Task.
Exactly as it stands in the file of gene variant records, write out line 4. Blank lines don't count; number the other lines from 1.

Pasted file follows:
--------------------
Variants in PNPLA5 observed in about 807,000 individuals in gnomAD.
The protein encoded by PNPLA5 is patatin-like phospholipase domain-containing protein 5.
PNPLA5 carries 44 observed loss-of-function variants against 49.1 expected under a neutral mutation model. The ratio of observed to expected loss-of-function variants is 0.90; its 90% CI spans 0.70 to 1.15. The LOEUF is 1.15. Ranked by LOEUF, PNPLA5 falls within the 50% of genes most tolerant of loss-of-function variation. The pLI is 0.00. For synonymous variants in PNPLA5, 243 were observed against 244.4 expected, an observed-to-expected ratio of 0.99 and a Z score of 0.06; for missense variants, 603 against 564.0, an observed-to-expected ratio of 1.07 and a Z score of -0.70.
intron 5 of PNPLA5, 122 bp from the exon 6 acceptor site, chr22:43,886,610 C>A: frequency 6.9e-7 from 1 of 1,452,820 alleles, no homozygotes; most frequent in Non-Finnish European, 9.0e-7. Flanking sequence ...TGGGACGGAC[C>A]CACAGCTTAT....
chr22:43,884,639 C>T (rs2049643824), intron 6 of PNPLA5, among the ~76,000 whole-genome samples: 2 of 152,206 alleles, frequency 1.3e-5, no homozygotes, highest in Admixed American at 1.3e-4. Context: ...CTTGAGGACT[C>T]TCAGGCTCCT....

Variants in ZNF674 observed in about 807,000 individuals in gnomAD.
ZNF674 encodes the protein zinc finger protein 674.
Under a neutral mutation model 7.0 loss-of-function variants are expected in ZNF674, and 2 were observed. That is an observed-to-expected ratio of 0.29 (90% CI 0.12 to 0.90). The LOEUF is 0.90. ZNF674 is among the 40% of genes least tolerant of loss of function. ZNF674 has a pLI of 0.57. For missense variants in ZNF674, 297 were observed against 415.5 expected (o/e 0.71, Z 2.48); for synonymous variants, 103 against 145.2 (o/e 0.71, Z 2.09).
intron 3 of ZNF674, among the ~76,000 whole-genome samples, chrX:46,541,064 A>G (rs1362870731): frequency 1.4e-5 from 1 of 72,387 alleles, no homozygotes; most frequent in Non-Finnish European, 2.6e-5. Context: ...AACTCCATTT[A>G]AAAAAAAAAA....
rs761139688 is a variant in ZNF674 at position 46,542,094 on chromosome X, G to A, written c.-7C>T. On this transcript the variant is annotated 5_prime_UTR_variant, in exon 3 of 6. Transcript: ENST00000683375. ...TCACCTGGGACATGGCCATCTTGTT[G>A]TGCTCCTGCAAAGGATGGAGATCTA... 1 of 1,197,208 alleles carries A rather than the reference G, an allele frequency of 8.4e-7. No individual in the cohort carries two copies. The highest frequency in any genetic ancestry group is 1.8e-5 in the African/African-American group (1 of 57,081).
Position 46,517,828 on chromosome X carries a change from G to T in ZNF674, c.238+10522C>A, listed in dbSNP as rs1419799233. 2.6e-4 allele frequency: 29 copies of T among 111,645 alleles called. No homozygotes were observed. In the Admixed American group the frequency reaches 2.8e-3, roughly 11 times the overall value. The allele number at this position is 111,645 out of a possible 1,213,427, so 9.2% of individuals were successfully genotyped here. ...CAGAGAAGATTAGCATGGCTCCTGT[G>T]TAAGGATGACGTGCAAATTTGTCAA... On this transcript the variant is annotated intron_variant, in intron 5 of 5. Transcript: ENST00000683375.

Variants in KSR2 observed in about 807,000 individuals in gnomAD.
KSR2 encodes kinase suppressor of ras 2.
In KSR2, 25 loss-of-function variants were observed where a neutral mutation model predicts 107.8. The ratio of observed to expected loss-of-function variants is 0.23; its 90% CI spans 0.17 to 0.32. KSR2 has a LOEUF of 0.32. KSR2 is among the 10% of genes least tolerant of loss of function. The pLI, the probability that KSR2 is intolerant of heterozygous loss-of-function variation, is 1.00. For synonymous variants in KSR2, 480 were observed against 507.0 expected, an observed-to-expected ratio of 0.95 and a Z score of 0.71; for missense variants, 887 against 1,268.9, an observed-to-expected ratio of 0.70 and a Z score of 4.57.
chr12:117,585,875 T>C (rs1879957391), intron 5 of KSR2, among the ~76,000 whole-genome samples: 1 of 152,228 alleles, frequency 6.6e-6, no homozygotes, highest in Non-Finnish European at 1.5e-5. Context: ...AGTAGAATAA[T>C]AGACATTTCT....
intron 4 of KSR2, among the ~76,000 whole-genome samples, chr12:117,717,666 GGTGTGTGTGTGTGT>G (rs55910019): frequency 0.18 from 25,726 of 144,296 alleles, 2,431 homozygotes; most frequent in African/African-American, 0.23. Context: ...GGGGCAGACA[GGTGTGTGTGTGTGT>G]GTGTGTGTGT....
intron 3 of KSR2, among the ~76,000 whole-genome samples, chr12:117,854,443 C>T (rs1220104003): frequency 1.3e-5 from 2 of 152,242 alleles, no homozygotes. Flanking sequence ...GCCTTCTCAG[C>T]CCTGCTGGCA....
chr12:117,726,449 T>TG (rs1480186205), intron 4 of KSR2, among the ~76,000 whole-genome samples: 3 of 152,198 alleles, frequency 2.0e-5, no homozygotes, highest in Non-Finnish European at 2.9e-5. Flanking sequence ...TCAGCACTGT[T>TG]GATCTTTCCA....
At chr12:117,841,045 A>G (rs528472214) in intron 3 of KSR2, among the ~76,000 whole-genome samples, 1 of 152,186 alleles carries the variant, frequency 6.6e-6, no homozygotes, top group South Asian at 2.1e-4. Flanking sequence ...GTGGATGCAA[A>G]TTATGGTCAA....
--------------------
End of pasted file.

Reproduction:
intron 5 of PNPLA5, 122 bp from the exon 6 acceptor site, chr22:43,886,610 C>A: frequency 6.9e-7 from 1 of 1,452,820 alleles, no homozygotes; most frequent in Non-Finnish European, 9.0e-7. Flanking sequence ...TGGGACGGAC[C>A]CACAGCTTAT....